Routine testing for Factor V Leiden (R506Q) and prothrombin (20210G>A) mutations in adults with a history of idiopathic venous thromboembolism and their adult family members

Factor V Leiden (FVL) and prothrombin (PT) genetic variants are associated with an increased risk of future venous thrombosis or pulmonary embolism (also known as blood clots in the deep veins or lungs). Idiopathic venous thromboembolism (VTE) includes deep vein thrombosis or pulmonary embolism, and in the context of the EGAPP recommendation, refers to thrombotic events in which no underlying cause is apparent.

EGAPP Recommendation Statement: The EGAPP™ Working Group found adequate evidence to recommend against routine testing for Factor V Leiden (FVL) and/or prothrombin 20210G>A (PT) in the following circumstances: (1) adults with idiopathic venous thromboembolism (VTE). In such cases, longer term secondary prophylaxis to avoid recurrence offers similar benefits to patients with and without one or more of these mutations. (2) Asymptomatic adult family members of patients with VTE and an FVL or PT mutation, for the purpose of considering primary prophylactic anticoagulation. Potential benefits are unlikely to exceed potential harms. The overall certainty of these findings was deemed “moderate.” The evidence was insufficient to determine whether FVL/PT testing might have clinical utility in some circumstances, such as for identifying FVL homozygosity among asymptomatic family members of adults with idiopathic VTE or counseling patients about the risks and benefits of antithrombotic therapy. Based on the available evidence, the certainty of net health benefit was deemed “low.” The recommendations do not extend to patients with other risk factors for thrombosis, such as contraceptive use, as the evidence review that serves as the basis for the recommendations focused primarily on idiopathic VTE.

EGAPP Recommendation (January 2011)

Evidence Report (June 2009)

Supplementary Manuscript (June 2009)

CDC Summary of EGAPP Recommendation (January 2011)

Key Questions:

  • Question 1: Does FVL testing, alone or in combination with prothrombin G20210A testing, lead to improved clinical outcomes (e.g., avoidance of a recurrent VTE) in adults with a personal history of VTE or to improved clinical outcomes (e.g., avoidance of an initial VTE) in adult family members of mutation-positive individuals? Are testing results useful in medical, personal, or public health decision making?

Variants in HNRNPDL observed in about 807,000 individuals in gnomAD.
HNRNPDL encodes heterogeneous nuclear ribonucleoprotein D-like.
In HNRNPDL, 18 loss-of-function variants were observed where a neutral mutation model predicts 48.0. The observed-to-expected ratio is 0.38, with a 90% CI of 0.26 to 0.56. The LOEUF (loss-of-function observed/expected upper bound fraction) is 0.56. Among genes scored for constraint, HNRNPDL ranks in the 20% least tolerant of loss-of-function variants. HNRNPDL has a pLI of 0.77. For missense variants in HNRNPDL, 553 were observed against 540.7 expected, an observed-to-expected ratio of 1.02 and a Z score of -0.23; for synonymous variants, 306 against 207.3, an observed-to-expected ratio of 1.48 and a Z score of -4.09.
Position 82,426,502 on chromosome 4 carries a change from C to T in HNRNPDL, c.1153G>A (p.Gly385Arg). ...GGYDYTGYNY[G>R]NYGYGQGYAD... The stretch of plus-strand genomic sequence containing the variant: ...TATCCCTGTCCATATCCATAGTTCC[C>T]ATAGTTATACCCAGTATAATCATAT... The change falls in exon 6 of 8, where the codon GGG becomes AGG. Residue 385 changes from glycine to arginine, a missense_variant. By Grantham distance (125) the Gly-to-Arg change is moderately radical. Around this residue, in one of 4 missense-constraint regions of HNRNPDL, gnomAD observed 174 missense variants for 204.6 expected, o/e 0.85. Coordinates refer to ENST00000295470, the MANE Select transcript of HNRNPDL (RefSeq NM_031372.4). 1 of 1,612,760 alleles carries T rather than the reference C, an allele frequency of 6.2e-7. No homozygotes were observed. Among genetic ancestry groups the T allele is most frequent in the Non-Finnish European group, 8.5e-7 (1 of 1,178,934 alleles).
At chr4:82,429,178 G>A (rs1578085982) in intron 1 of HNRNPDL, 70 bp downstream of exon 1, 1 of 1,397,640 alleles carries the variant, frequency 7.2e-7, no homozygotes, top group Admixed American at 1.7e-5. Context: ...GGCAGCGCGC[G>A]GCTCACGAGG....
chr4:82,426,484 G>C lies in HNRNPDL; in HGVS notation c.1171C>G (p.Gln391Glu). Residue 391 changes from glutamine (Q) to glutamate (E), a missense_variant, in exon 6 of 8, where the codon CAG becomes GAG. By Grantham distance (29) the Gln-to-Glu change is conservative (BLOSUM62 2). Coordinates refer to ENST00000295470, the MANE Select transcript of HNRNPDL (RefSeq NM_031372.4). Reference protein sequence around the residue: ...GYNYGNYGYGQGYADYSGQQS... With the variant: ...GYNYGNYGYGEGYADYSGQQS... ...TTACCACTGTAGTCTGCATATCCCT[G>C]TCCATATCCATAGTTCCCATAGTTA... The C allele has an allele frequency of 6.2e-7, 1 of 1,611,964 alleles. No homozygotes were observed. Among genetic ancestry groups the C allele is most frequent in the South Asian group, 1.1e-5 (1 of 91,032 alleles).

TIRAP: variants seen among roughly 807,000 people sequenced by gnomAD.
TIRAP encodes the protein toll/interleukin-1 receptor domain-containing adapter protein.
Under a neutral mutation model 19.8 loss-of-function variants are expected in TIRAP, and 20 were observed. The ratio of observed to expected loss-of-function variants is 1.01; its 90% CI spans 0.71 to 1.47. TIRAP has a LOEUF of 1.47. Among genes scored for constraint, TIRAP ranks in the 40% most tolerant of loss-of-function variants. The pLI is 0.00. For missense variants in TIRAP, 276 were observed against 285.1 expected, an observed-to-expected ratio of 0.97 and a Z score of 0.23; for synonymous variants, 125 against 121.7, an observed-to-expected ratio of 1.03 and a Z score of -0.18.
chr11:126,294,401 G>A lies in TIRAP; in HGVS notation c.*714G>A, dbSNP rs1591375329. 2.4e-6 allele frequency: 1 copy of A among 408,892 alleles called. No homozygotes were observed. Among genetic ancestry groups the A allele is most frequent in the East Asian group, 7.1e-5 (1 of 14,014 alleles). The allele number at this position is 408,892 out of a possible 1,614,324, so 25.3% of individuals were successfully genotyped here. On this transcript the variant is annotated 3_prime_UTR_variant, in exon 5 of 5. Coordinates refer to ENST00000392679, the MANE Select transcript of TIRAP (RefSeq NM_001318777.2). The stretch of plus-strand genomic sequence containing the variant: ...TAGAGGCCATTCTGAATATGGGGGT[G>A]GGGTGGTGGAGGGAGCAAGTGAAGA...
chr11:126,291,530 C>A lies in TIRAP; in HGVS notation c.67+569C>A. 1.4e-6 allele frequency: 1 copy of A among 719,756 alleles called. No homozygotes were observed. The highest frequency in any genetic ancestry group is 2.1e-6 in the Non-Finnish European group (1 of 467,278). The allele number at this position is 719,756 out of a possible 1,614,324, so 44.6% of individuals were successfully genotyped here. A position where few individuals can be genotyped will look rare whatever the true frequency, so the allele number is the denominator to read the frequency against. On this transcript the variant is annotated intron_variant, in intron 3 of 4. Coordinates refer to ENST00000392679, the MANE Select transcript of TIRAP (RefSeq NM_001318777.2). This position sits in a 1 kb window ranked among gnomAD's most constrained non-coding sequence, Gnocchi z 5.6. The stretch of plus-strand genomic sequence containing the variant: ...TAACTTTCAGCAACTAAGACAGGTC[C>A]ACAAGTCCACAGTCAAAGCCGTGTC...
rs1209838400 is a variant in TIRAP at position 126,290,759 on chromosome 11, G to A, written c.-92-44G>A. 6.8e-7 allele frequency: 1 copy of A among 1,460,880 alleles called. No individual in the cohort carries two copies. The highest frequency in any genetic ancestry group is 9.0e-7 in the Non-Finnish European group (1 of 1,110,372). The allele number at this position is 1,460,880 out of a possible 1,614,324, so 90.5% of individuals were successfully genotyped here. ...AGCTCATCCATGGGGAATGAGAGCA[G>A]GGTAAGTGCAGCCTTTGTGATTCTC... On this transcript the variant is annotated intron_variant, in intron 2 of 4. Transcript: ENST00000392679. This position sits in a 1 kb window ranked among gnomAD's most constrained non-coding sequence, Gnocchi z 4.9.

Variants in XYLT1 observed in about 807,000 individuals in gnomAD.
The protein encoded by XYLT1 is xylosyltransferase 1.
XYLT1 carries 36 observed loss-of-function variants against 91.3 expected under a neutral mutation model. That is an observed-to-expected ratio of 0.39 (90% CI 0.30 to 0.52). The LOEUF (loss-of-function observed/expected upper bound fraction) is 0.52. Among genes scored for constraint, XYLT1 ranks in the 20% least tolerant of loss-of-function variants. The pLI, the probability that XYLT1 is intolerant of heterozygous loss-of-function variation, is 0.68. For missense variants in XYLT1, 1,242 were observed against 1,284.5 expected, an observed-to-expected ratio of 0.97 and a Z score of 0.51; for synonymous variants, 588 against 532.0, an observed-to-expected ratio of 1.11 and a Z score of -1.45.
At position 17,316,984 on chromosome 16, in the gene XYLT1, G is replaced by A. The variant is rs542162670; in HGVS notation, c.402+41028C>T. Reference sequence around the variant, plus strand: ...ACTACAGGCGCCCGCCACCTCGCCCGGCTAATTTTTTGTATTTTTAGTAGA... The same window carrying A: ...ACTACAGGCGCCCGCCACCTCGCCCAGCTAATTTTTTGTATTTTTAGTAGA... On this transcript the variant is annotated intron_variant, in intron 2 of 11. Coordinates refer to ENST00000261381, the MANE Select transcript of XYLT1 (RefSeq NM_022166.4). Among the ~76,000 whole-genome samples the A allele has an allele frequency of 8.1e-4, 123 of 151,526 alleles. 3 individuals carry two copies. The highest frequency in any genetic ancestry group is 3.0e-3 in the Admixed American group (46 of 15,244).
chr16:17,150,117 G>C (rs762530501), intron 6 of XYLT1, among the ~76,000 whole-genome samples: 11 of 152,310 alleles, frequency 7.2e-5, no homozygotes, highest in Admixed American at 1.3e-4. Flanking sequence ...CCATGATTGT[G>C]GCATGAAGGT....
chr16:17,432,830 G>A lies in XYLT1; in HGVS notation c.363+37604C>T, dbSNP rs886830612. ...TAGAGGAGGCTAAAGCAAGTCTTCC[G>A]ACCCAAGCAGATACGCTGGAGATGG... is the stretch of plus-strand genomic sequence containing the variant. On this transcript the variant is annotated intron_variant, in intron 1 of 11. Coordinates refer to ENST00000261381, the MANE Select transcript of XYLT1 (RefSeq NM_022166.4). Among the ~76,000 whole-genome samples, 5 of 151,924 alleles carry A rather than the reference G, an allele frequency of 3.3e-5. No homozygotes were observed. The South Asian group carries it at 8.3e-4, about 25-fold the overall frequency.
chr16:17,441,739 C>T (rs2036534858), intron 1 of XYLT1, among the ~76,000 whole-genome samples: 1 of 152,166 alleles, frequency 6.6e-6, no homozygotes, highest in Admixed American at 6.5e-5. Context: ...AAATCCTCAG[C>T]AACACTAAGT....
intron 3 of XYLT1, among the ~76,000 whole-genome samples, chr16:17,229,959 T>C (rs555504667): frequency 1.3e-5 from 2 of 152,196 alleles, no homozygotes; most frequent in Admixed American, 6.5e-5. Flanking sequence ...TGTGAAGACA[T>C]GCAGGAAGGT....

• Question 2: What is the evidence regarding the analytic validity of existing diagnostic tests for the FVL mutation and the prothrombin G20210A mutation, specifically their analytic sensitivity and specificity, reproducibility, and robustness (sources of variability)?

  • Question 3a: What is the evidence that the presence of FVL alone, prothrombin G20210A alone, or the two in combination predicts the risk of recurrent VTE in individuals (probands) who have had VTE and predicts the risk of VTE in the probands’ family members who have been tested? Does the testing add predictive information beyond clinical data?

  • Question 3b: What is the evidence that demographic or clinical factors modify the relationship between the presence of FVL or prothrombin G20210A and the risk of VTE?

  • Question 4a: What is the evidence that clinicians manage patients differently based on the results of testing for FVL or prothrombin G20210A? How do clinicians manage anticoagulation of individuals who have had testing, as compared to those who have not had testing? What other diagnostic tests do clinicians order or not order, based on testing results? What recommendations do clinicians make regarding other therapies and exposures, based on testing results?

  • Question 4b: What is the evidence that testing, and the resultant management, reduces VTE related outcomes or has other benefits in individuals who have had VTE or in the probands’ family members who have been tested?

  • Question 4c: What is the evidence of harms to individuals with VTE or to the probands’ family members who are tested for FVL or prothrombin G20210A as a result of testing or as a result of changed management based on the test results?

  • Question 4d: What is the evidence that testing for FVL alone, prothrombin G20210A alone, or the two tests in combination is a cost-effective strategy when caring for a patient with VTE or a family member of a proband?

Why EGAPP Selected this Topic for Review:

Key Criteria: Widely used drug to treat thrombophilia, possible inadequate data

Other Considerations: Reviews by others, but dependant on clinical scenario